WHEN I Discovered This Classic
I picked up a copy of this in my local independent bookshop in March. I’d heard of Nancy Mitford before, and of Love in a Cold Climate, but never realised it was part of a series.
WHY I Chose to Read It
Unusually, it was the blurb that made me interested – as I’ve discussed here before, I really do hate a bad blurb, but the description for The Pursuit of Love I think is really well done. It describes the story as it actually is, and while it gives away a few plot-points, because of the writing style I’m not sure they could be considered spoilers. I decided to pick it up as my June classic because, from the first few pages, it wasn’t like anything I’d read before.
WHAT Makes It A Classic
The sharp wit and intelligence with which Nancy Mitford explores the topic of growing up and falling in love, and I suspect, the intrinsic Englishness of the whole story.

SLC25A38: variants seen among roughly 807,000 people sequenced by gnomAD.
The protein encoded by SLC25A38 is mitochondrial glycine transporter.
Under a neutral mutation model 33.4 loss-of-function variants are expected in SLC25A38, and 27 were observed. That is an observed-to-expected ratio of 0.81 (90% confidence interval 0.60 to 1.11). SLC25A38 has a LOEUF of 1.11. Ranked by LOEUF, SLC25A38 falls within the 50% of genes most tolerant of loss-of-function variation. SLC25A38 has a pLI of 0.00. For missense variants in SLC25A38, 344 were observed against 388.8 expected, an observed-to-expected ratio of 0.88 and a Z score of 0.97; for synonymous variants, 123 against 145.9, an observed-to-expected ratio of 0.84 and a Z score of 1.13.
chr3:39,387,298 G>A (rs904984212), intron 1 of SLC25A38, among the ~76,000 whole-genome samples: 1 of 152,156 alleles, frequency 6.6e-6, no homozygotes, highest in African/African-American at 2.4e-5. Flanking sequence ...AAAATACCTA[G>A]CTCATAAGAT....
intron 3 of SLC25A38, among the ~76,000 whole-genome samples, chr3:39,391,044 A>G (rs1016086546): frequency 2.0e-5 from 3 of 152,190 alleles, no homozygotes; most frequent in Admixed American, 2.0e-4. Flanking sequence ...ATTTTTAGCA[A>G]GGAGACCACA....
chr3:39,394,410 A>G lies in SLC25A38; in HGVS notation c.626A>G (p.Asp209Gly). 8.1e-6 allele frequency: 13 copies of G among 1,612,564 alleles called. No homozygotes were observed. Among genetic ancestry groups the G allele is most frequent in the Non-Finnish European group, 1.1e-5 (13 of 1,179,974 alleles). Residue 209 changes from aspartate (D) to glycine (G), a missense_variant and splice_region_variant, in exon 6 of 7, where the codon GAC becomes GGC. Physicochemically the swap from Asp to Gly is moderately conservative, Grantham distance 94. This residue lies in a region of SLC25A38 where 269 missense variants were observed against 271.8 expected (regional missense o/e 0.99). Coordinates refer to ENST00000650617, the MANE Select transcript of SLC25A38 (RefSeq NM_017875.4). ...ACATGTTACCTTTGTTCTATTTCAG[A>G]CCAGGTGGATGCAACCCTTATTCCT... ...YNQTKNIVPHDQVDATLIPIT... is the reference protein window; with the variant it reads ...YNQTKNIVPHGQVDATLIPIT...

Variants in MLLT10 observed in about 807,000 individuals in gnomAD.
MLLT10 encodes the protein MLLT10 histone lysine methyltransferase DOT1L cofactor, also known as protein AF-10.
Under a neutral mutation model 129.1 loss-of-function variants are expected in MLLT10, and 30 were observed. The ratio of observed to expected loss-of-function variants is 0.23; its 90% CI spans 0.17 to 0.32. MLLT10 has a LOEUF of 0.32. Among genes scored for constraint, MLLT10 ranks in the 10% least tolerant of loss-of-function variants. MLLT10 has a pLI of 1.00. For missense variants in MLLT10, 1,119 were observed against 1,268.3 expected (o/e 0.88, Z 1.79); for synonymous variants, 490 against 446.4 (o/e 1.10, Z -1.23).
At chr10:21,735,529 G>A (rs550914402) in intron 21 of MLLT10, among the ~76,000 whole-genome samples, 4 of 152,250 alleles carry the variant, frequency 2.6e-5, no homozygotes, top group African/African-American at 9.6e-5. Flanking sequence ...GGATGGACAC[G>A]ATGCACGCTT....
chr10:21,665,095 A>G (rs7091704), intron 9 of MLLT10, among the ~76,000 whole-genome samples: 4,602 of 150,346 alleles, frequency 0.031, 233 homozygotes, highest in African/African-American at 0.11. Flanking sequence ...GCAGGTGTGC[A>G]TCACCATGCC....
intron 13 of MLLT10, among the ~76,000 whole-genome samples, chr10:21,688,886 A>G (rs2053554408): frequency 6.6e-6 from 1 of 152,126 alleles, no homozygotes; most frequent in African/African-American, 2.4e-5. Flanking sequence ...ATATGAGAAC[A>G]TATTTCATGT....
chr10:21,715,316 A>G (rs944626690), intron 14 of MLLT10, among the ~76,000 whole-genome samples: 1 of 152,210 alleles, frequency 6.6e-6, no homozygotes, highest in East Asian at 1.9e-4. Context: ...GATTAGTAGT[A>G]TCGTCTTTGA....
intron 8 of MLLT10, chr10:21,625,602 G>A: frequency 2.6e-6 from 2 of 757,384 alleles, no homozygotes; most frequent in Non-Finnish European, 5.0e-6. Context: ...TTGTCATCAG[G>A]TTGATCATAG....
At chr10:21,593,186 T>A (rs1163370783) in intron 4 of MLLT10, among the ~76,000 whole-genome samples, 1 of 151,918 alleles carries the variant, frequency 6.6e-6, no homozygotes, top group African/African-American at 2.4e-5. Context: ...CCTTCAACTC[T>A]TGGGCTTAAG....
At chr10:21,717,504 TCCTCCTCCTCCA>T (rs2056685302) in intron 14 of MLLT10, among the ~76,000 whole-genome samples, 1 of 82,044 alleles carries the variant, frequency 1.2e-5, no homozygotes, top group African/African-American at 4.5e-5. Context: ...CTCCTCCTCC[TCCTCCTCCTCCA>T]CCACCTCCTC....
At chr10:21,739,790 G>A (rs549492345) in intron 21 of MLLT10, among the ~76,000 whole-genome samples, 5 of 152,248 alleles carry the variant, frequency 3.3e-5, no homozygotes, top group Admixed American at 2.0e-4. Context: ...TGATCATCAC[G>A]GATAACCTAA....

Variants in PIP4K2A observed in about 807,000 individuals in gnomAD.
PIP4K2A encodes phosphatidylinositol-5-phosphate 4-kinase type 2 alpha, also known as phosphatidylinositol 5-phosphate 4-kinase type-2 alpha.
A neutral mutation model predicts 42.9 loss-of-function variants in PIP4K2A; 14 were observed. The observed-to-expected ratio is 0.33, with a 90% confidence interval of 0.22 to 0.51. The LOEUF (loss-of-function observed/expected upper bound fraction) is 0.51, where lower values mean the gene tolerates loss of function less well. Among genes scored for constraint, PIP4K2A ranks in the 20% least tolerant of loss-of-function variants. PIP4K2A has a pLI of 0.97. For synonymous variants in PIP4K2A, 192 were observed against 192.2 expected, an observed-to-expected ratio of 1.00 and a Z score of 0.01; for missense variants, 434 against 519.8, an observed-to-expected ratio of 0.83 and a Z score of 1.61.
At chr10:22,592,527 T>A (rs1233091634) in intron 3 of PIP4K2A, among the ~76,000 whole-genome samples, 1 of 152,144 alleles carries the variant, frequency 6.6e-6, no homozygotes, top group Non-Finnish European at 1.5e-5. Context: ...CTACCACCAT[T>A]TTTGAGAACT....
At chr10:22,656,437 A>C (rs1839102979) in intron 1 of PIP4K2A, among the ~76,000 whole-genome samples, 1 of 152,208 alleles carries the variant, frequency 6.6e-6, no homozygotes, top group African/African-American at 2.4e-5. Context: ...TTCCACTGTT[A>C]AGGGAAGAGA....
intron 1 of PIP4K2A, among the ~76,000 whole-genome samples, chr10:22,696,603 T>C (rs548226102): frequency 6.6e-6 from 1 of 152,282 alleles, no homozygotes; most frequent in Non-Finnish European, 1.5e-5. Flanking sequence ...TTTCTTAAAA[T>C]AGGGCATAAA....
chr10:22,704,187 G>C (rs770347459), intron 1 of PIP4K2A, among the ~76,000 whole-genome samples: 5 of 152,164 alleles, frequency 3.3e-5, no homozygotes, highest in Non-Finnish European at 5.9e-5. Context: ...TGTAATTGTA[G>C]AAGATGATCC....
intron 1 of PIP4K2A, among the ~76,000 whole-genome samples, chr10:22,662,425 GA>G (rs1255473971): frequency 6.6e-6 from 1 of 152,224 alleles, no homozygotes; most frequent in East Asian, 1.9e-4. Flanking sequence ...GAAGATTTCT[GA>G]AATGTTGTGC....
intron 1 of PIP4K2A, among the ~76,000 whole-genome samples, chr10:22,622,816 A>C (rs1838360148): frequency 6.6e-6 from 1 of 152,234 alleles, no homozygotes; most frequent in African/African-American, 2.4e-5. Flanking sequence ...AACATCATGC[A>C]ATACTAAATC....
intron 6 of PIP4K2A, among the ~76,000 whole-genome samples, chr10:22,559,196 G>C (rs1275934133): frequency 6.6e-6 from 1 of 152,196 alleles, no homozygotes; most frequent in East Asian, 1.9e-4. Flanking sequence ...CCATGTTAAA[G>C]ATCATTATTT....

WHAT I Thought of This Classic
I adored it. I loved Mitford’s humour, and the little moments of unexpected seriousness that creep in, making it not entirely a cosy read. I’m endlessly amused by Uncle Matthew’s review of Romeo and Juliet and Linda’s assessment of her husbands at opposite ends of the political spectrum. The characters are brilliantly formed and drawn, and the absurdity of the upper classes – of pretty much everyone, really – is so gently teased.
WILL It Stay A Classic
I absolutely hope so, and I believe it will, as there seems to be such general affection for Mitford’s work. Her work already speaks of a time and social context which is entirely changed from how we live today, and speaks across that divide perfectly well.
WHO I’d Recommend It To
This is tricky – I suppose, people looking for a high-quality but not a stressful read. I think probably fans of Alexander McCall Smith or Jane Austen, and those looking for unusual stories about growing up.